Intel Goes 22nm and Raises The Bar
Last week Intel released its 7-series chipset family of products for notebooks and desktops using its current 2nd Generation Core 'Sandy Bridge' processors. The new 7-series chipset supports native SuperSpeed USB 3.0 and features Intel responsiveness technologies like Smart Response, Smart Connect, and Rapid Start. This morning Intel released their 3rd generation Core processor, which is codenamed Ivy Bridge. This groundbreaking processor was developed right here in America at the company's facilities in Oregon and is the 22nm die shrink of the Sandy Bridge microarchitecture with some performance improvements and, more importantly, it is the first microprocessor to use Tri-Gate '3D' transistor technology.
For Ivy Bridge, Intel's researchers chose to remake the transistor and Ivy Bridge is the result of a decade of work and over a billion dollars of research and development money. Intel describes the new Tri-Gate transistor as a "silicon fin," that rises above the chip to create a three-sided gate. The new structure enables more current to pass through when transistors are on and virtually none when it's off, so it's better for performance and power savings. The new Tri-Gate design uses less than 50% of the power as a comparable 2-d planar transistor. Intel says that due to this design the Ivy Bridge based processors are a good two- to three-years ahead of the competitors' designs in terms of performance. This is because the Tri-Gate design boosts performance when needed and conserves power when none is required. This technology is great for desktop users, but Intel has clearly focused on power savings to strengthen their position in the mobile market as Intel wants a larger piece of the smartphone and tablet markets.
As we already mentioned, the Ivy Bridge processors are first mass produced processors that are built using the using a 22nm process. The benefits of this die shrink are fairly obvious; you get the ability to use more transistors and therefore get more processing power on a physically smaller area. The smaller the die size, the lower the cost as you can get more per wafer. The quad-core Ivy Bridge die with Intel HD Graphics 4000 has a transistor count of 1.4 Billion and a die size of 160mm^2. If you recall the quad-core Sandy Bridge die with Intel HD Graphics 3000 had a transistor count of 995 million with a die size of 216mm^2. This means that Ivy Bridge has 40.7% more transistors in a die size that is 26% smaller! The only downside of this is going to be heat as that is a ton of transistors to pack into such a small area.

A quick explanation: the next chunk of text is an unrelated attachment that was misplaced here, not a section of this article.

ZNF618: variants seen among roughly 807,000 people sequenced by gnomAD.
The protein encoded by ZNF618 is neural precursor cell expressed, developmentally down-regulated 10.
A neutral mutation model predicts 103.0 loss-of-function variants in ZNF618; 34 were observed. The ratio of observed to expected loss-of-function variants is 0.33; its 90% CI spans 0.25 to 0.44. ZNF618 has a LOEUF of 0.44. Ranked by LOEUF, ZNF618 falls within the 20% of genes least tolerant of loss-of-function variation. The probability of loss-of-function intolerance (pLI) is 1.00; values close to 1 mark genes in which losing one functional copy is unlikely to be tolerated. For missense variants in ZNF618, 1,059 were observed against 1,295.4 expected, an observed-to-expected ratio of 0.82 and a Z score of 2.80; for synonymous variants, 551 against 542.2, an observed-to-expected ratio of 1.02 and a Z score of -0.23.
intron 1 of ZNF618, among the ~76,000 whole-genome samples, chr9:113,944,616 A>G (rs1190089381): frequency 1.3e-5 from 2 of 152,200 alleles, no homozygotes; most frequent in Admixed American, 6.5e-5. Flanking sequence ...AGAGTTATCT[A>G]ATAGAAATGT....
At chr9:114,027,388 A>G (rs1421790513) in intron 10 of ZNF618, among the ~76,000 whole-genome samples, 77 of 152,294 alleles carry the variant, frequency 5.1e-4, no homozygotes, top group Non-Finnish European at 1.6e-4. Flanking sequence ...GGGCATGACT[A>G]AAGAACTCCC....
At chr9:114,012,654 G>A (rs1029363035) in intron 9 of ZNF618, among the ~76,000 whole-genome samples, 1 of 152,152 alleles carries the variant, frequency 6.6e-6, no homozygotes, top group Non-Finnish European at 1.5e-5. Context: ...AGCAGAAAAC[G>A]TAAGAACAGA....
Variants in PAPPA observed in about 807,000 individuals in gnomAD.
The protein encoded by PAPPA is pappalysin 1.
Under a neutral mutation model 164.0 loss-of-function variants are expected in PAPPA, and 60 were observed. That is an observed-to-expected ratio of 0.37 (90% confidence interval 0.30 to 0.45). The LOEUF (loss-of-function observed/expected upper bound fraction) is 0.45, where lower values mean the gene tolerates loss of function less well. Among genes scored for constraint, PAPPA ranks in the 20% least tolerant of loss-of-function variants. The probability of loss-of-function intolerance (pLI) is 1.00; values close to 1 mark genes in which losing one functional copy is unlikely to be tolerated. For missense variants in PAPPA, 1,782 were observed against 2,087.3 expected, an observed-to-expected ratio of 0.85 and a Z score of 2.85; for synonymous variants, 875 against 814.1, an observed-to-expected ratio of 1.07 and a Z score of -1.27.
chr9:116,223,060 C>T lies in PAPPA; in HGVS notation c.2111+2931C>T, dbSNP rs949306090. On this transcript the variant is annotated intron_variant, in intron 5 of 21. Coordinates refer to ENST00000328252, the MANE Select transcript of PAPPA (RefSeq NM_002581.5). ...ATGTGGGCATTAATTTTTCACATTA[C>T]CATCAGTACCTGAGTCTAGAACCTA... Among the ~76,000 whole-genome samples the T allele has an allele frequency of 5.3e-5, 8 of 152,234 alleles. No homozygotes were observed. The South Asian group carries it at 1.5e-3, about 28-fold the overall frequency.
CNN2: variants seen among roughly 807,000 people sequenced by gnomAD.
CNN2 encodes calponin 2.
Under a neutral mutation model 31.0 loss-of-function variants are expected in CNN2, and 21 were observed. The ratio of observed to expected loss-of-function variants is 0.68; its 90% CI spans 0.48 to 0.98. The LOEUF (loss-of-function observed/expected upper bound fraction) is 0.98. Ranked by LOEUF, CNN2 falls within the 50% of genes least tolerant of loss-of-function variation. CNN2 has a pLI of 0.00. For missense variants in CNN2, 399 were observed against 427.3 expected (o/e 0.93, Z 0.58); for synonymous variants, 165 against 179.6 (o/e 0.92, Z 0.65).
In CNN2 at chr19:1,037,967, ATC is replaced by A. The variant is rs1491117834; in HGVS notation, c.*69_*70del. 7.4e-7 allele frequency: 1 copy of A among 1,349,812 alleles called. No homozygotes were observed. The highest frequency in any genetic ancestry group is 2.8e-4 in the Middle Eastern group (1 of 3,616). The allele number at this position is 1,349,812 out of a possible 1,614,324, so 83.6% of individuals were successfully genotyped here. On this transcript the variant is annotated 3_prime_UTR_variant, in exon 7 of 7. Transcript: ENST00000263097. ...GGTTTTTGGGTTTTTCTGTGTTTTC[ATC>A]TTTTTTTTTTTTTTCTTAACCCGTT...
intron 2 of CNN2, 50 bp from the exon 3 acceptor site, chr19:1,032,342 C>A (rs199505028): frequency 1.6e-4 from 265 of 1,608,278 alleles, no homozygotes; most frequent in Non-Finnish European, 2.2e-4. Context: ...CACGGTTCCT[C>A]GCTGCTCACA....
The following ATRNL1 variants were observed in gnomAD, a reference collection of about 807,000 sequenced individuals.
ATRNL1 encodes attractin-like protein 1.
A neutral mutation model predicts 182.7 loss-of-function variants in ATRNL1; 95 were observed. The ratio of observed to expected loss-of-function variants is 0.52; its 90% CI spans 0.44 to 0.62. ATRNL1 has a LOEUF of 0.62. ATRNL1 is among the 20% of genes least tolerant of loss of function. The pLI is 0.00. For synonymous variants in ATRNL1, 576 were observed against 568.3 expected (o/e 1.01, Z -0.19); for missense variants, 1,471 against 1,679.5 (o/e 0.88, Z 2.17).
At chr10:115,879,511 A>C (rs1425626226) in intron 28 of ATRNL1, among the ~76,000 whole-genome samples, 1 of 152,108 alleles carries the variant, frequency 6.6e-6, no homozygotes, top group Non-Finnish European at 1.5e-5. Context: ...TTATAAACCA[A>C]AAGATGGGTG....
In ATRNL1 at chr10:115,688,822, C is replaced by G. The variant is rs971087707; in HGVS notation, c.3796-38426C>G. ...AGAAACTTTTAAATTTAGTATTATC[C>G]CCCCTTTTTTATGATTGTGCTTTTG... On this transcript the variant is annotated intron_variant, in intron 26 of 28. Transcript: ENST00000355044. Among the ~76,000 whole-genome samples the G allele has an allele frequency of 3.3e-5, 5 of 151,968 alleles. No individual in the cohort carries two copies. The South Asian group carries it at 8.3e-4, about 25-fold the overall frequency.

The Intel Ivy Bridge processors will have a slight performance boost on the x86 CPU side, but it will be considerably better when it comes to the built-in graphics. Intel is said to have double the graphics performance with the introduction of Intel HD Graphics 4000. This means a better gaming experience, smoother playback of high-definition video and it will even perform better when editing pictures or video clips. Gamers that play at high resolutions or graphics intensive game titles like Skyrim or Battlefield 3 will still need a dedicated graphics card to reach desired performance levels. The vast majority of mainstream PC users should be able to use integrated graphics, though. It should also be noted that the graphics on Ivy Bridge will be able to handle multiple monitors setups, so you can run three simultaneous independent displays now without the need of a video card.
While we are on the topic of graphics, we should mention that Intel has completely reworked the HD graphics processor and has added more features and greatly improved performance! We are excited to tell you that all Ivy Bridge processors will support DirectX 11 and OpenCL 1.1 out of the box, without the need for a separate discrete GPU. Ivy Bridge processors will be available with two versions of the new DX11 integrated graphics processor: HD 2500 and HD 4000.